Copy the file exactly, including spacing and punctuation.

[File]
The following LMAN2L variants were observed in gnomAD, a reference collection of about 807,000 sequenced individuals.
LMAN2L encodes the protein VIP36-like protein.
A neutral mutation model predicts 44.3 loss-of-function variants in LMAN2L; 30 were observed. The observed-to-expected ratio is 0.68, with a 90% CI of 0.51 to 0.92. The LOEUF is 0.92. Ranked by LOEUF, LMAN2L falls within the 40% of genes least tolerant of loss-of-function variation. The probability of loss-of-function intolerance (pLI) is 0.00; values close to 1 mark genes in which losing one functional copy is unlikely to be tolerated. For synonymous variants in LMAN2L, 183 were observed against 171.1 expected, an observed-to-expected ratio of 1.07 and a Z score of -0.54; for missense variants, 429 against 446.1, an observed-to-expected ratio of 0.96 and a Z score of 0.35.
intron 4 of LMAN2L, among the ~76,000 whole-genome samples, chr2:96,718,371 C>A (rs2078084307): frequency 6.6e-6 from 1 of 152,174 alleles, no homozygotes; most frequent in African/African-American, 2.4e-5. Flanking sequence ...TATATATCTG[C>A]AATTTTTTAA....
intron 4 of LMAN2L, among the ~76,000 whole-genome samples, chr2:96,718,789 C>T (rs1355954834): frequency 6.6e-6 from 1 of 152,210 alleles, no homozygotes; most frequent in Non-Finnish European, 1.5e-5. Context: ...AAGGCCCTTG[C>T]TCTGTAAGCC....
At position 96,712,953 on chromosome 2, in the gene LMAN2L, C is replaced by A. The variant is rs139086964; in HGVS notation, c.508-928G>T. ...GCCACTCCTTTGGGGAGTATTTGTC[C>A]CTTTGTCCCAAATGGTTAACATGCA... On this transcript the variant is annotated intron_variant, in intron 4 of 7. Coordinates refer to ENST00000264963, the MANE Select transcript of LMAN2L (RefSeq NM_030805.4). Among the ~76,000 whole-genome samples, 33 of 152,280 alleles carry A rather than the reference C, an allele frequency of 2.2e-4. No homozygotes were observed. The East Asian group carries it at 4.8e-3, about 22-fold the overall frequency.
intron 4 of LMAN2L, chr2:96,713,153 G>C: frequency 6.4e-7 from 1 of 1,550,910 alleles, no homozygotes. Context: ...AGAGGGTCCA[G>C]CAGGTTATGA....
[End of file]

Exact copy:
The following LMAN2L variants were observed in gnomAD, a reference collection of about 807,000 sequenced individuals.
LMAN2L encodes the protein VIP36-like protein.
A neutral mutation model predicts 44.3 loss-of-function variants in LMAN2L; 30 were observed. The observed-to-expected ratio is 0.68, with a 90% CI of 0.51 to 0.92. The LOEUF is 0.92. Ranked by LOEUF, LMAN2L falls within the 40% of genes least tolerant of loss-of-function variation. The probability of loss-of-function intolerance (pLI) is 0.00; values close to 1 mark genes in which losing one functional copy is unlikely to be tolerated. For synonymous variants in LMAN2L, 183 were observed against 171.1 expected, an observed-to-expected ratio of 1.07 and a Z score of -0.54; for missense variants, 429 against 446.1, an observed-to-expected ratio of 0.96 and a Z score of 0.35.
intron 4 of LMAN2L, among the ~76,000 whole-genome samples, chr2:96,718,371 C>A (rs2078084307): frequency 6.6e-6 from 1 of 152,174 alleles, no homozygotes; most frequent in African/African-American, 2.4e-5. Flanking sequence ...TATATATCTG[C>A]AATTTTTTAA....
intron 4 of LMAN2L, among the ~76,000 whole-genome samples, chr2:96,718,789 C>T (rs1355954834): frequency 6.6e-6 from 1 of 152,210 alleles, no homozygotes; most frequent in Non-Finnish European, 1.5e-5. Context: ...AAGGCCCTTG[C>T]TCTGTAAGCC....
At position 96,712,953 on chromosome 2, in the gene LMAN2L, C is replaced by A. The variant is rs139086964; in HGVS notation, c.508-928G>T. ...GCCACTCCTTTGGGGAGTATTTGTC[C>A]CTTTGTCCCAAATGGTTAACATGCA... On this transcript the variant is annotated intron_variant, in intron 4 of 7. Coordinates refer to ENST00000264963, the MANE Select transcript of LMAN2L (RefSeq NM_030805.4). Among the ~76,000 whole-genome samples, 33 of 152,280 alleles carry A rather than the reference C, an allele frequency of 2.2e-4. No homozygotes were observed. The East Asian group carries it at 4.8e-3, about 22-fold the overall frequency.
intron 4 of LMAN2L, chr2:96,713,153 G>C: frequency 6.4e-7 from 1 of 1,550,910 alleles, no homozygotes. Context: ...AGAGGGTCCA[G>C]CAGGTTATGA....